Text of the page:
Over the weekend the Federal Reserve took some aggressive policy actions, the likes of which we haven’t seen since the 2008 financial crisis. Not only did they cut interest rates by 1%, but also launched a new quantitative easing programme in an attempt to stabilise the markets.
But what does this mean and what exactly has been done?
First of all, we need to give the US a warm welcome to the zero-rate club, with the target range for the Fed funds rate now sitting at 0% to 0.25%, following the second emergency rate cut in the space of 2 weeks.
Jerome Powell, chairman of the Federal Reserve, said they will keep rates at this level until the economy navigates through the current events and gets back on track to achieve its goals. This will benefit borrowers immediately with some relief but will benefit the economy more once it starts to recover.
As if rates going to zero wasn’t aggressive enough action on its own they also launched another rocket into the financial system by announcing an additional $700 billion in quantitative easing (QE), $500 billion for treasuries and $200 billion for mortgage-backed securities.
The reason they’re restarting QE is to provide more liquidity into the financial system, with the aim of ‘restoring market function’, to allow the markets to continue working smoothly and to provide credit to companies and consumers which will be desperately needed as the economy slows down during the pandemic.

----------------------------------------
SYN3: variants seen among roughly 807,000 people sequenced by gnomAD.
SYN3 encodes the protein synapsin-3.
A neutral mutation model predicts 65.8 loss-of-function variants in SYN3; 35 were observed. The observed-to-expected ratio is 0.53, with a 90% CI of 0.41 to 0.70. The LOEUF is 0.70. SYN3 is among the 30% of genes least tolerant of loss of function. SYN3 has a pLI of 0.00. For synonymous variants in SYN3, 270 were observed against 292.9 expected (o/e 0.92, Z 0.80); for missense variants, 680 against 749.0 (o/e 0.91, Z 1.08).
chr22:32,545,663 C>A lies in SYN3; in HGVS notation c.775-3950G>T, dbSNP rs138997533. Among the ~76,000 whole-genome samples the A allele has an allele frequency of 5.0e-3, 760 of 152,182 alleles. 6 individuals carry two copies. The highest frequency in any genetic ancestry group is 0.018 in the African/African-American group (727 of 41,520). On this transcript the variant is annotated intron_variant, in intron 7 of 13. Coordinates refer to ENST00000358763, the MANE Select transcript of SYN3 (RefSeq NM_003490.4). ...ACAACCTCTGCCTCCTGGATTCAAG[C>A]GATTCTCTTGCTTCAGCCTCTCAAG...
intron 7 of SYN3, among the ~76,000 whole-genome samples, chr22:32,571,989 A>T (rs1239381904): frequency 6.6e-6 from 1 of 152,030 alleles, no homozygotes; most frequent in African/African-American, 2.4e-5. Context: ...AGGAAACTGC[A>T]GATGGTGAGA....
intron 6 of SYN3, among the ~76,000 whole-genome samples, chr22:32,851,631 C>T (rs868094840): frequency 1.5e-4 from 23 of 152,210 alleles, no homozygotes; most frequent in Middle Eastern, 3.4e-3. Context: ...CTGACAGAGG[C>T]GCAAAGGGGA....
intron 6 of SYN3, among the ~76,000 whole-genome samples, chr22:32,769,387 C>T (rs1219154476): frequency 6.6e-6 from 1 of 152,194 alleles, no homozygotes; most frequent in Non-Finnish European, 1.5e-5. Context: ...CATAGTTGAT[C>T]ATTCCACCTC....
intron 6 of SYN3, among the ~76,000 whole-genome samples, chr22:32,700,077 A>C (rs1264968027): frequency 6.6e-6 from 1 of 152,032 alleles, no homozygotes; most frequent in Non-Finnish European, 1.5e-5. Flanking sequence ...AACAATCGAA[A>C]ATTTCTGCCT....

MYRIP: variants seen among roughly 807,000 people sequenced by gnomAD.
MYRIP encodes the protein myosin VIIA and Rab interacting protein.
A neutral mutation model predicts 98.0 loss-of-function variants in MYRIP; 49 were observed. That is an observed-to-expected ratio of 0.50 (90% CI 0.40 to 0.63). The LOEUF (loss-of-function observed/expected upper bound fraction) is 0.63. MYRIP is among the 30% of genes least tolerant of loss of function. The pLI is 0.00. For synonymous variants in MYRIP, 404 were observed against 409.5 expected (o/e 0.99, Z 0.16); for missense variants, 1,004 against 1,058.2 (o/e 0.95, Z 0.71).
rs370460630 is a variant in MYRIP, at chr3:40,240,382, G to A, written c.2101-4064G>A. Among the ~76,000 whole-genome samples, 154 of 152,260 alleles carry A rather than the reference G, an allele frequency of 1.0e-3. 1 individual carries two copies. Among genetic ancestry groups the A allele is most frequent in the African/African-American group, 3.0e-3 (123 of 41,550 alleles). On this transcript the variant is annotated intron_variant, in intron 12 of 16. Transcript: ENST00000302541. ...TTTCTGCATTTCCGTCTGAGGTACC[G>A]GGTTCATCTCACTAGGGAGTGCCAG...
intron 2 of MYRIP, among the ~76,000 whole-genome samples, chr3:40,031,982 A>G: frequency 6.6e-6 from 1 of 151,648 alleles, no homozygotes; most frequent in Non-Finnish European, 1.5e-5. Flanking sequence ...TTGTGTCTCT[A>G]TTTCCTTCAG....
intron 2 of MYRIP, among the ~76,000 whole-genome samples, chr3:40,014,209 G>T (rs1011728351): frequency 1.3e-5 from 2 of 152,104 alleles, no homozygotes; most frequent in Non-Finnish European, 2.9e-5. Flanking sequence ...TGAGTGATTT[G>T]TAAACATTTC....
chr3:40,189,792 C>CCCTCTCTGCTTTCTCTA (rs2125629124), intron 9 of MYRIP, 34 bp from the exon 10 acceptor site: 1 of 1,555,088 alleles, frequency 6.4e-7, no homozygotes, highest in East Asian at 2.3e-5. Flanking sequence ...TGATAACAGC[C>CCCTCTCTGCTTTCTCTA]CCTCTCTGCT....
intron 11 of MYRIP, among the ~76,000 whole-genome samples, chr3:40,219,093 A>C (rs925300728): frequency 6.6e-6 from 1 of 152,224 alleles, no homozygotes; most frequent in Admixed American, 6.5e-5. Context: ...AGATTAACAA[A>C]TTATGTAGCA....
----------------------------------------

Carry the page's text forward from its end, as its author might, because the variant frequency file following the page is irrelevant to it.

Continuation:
There is a concern that previous rounds of QE have led to a deterioration in the potential impact of using this sort of aggressive extraordinary measure. This may mean that the Fed will need to increase the level of QE, which is something I think the market is already anticipating and has already been hinted at.
It seems the Fed hasn’t seen great results from its activity recently. We have seen them have to ramp up their activity in the repo market since there was still a shortage of liquidity despite them pumping funds into the system and we’re really starting to see the problems developing with the so-called ‘plumbing’ of the financial world.
In fact, the Fed has actually eased reserves restrictions on banks, to hopefully encourage them to help consumers and businesses make it through the economic slowdown. They dropped bank reserve requirements to 0% so that banks can use those buffers for more lending.
This can be seen as a little risky, but the Federal Reserve is focused on increasing liquidity to support the financial system and economy and avoid it amplifying the problems caused by the pandemic.
Finally, the markets have experienced a lot of problems recently with US dollar liquidity; in other words, how easy it is to access dollars for institutions outside the US. The Fed announced a global coordinated response with a number of central banks to make sure global US dollar liquidity is maintained, by lowering the cost of borrowing dollars.
Overall this was the biggest single-day set of moves the Fed has taken. Before this pandemic started, this sort of action would have been unthinkable. But it’s clear the Fed has learned from past mistakes, such as the extra damage that occurred in 2008 from a delayed response. This time, they’re willing to go all-in to avoid the system going into absolute free-fall.